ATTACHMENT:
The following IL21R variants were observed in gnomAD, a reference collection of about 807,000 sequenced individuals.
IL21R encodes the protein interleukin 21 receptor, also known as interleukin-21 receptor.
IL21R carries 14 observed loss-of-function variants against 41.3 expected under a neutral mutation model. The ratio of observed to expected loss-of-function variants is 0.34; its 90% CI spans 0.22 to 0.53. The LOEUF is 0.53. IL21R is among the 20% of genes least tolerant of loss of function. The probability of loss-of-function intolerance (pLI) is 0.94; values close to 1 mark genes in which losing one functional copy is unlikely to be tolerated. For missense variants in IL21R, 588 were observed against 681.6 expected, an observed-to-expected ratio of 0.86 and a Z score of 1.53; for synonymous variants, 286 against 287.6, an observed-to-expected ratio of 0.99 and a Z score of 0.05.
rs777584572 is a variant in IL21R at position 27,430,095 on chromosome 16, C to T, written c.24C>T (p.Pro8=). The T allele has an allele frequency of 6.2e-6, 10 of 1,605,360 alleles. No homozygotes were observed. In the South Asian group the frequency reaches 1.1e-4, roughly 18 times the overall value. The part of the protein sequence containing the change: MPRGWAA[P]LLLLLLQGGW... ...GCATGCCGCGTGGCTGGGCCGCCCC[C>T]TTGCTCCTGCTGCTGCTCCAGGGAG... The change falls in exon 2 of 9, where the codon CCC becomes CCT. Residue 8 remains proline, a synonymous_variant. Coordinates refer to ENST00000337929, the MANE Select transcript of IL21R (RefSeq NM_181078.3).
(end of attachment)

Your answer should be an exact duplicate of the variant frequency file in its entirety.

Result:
The following IL21R variants were observed in gnomAD, a reference collection of about 807,000 sequenced individuals.
IL21R encodes the protein interleukin 21 receptor, also known as interleukin-21 receptor.
IL21R carries 14 observed loss-of-function variants against 41.3 expected under a neutral mutation model. The ratio of observed to expected loss-of-function variants is 0.34; its 90% CI spans 0.22 to 0.53. The LOEUF is 0.53. IL21R is among the 20% of genes least tolerant of loss of function. The probability of loss-of-function intolerance (pLI) is 0.94; values close to 1 mark genes in which losing one functional copy is unlikely to be tolerated. For missense variants in IL21R, 588 were observed against 681.6 expected, an observed-to-expected ratio of 0.86 and a Z score of 1.53; for synonymous variants, 286 against 287.6, an observed-to-expected ratio of 0.99 and a Z score of 0.05.
rs777584572 is a variant in IL21R at position 27,430,095 on chromosome 16, C to T, written c.24C>T (p.Pro8=). The T allele has an allele frequency of 6.2e-6, 10 of 1,605,360 alleles. No homozygotes were observed. In the South Asian group the frequency reaches 1.1e-4, roughly 18 times the overall value. The part of the protein sequence containing the change: MPRGWAA[P]LLLLLLQGGW... ...GCATGCCGCGTGGCTGGGCCGCCCC[C>T]TTGCTCCTGCTGCTGCTCCAGGGAG... The change falls in exon 2 of 9, where the codon CCC becomes CCT. Residue 8 remains proline, a synonymous_variant. Coordinates refer to ENST00000337929, the MANE Select transcript of IL21R (RefSeq NM_181078.3).